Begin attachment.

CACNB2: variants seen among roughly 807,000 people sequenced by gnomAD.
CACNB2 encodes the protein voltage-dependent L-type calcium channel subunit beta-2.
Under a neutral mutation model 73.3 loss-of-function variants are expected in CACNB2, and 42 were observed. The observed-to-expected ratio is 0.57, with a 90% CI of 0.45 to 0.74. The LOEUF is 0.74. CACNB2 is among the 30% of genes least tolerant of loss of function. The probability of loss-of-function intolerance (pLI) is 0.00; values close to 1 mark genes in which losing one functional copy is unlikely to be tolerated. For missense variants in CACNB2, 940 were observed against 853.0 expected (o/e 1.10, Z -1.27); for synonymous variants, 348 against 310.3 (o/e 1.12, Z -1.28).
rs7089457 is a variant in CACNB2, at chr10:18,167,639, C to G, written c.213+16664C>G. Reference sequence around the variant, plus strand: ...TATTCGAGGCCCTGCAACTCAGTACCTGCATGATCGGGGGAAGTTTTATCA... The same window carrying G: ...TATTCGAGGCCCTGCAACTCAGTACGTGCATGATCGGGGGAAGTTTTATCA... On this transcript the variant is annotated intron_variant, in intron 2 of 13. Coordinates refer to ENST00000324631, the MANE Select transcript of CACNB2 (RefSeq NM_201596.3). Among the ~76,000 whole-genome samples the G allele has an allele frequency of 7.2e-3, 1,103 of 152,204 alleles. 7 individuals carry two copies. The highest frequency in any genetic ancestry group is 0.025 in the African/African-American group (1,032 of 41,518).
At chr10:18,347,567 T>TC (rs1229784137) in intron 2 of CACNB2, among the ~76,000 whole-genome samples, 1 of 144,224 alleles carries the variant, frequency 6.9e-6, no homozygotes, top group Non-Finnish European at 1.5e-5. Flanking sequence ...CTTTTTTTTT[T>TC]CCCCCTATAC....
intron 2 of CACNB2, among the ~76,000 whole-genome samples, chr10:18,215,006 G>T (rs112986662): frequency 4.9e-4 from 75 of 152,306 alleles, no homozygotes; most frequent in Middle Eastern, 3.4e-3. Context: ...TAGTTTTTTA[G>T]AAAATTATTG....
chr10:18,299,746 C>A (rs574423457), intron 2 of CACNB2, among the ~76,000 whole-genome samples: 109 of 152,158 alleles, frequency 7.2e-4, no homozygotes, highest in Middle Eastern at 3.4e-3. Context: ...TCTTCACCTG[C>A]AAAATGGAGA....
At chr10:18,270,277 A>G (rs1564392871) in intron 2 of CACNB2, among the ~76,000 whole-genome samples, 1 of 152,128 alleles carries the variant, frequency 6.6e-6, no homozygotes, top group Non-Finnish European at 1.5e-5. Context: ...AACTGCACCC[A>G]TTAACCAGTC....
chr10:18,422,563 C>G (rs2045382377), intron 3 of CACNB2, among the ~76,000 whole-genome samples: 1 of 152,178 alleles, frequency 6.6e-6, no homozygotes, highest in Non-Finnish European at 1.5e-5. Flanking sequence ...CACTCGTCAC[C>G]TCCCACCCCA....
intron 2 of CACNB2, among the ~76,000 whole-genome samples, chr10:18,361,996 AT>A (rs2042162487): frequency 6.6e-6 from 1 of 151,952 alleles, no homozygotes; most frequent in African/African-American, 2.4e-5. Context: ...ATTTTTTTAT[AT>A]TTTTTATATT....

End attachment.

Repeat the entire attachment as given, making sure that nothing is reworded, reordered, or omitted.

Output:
CACNB2: variants seen among roughly 807,000 people sequenced by gnomAD.
CACNB2 encodes the protein voltage-dependent L-type calcium channel subunit beta-2.
Under a neutral mutation model 73.3 loss-of-function variants are expected in CACNB2, and 42 were observed. The observed-to-expected ratio is 0.57, with a 90% CI of 0.45 to 0.74. The LOEUF is 0.74. CACNB2 is among the 30% of genes least tolerant of loss of function. The probability of loss-of-function intolerance (pLI) is 0.00; values close to 1 mark genes in which losing one functional copy is unlikely to be tolerated. For missense variants in CACNB2, 940 were observed against 853.0 expected (o/e 1.10, Z -1.27); for synonymous variants, 348 against 310.3 (o/e 1.12, Z -1.28).
rs7089457 is a variant in CACNB2, at chr10:18,167,639, C to G, written c.213+16664C>G. Reference sequence around the variant, plus strand: ...TATTCGAGGCCCTGCAACTCAGTACCTGCATGATCGGGGGAAGTTTTATCA... The same window carrying G: ...TATTCGAGGCCCTGCAACTCAGTACGTGCATGATCGGGGGAAGTTTTATCA... On this transcript the variant is annotated intron_variant, in intron 2 of 13. Coordinates refer to ENST00000324631, the MANE Select transcript of CACNB2 (RefSeq NM_201596.3). Among the ~76,000 whole-genome samples the G allele has an allele frequency of 7.2e-3, 1,103 of 152,204 alleles. 7 individuals carry two copies. The highest frequency in any genetic ancestry group is 0.025 in the African/African-American group (1,032 of 41,518).
At chr10:18,347,567 T>TC (rs1229784137) in intron 2 of CACNB2, among the ~76,000 whole-genome samples, 1 of 144,224 alleles carries the variant, frequency 6.9e-6, no homozygotes, top group Non-Finnish European at 1.5e-5. Flanking sequence ...CTTTTTTTTT[T>TC]CCCCCTATAC....
intron 2 of CACNB2, among the ~76,000 whole-genome samples, chr10:18,215,006 G>T (rs112986662): frequency 4.9e-4 from 75 of 152,306 alleles, no homozygotes; most frequent in Middle Eastern, 3.4e-3. Context: ...TAGTTTTTTA[G>T]AAAATTATTG....
chr10:18,299,746 C>A (rs574423457), intron 2 of CACNB2, among the ~76,000 whole-genome samples: 109 of 152,158 alleles, frequency 7.2e-4, no homozygotes, highest in Middle Eastern at 3.4e-3. Context: ...TCTTCACCTG[C>A]AAAATGGAGA....
At chr10:18,270,277 A>G (rs1564392871) in intron 2 of CACNB2, among the ~76,000 whole-genome samples, 1 of 152,128 alleles carries the variant, frequency 6.6e-6, no homozygotes, top group Non-Finnish European at 1.5e-5. Context: ...AACTGCACCC[A>G]TTAACCAGTC....
chr10:18,422,563 C>G (rs2045382377), intron 3 of CACNB2, among the ~76,000 whole-genome samples: 1 of 152,178 alleles, frequency 6.6e-6, no homozygotes, highest in Non-Finnish European at 1.5e-5. Flanking sequence ...CACTCGTCAC[C>G]TCCCACCCCA....
intron 2 of CACNB2, among the ~76,000 whole-genome samples, chr10:18,361,996 AT>A (rs2042162487): frequency 6.6e-6 from 1 of 151,952 alleles, no homozygotes; most frequent in African/African-American, 2.4e-5. Context: ...ATTTTTTTAT[AT>A]TTTTTATATT....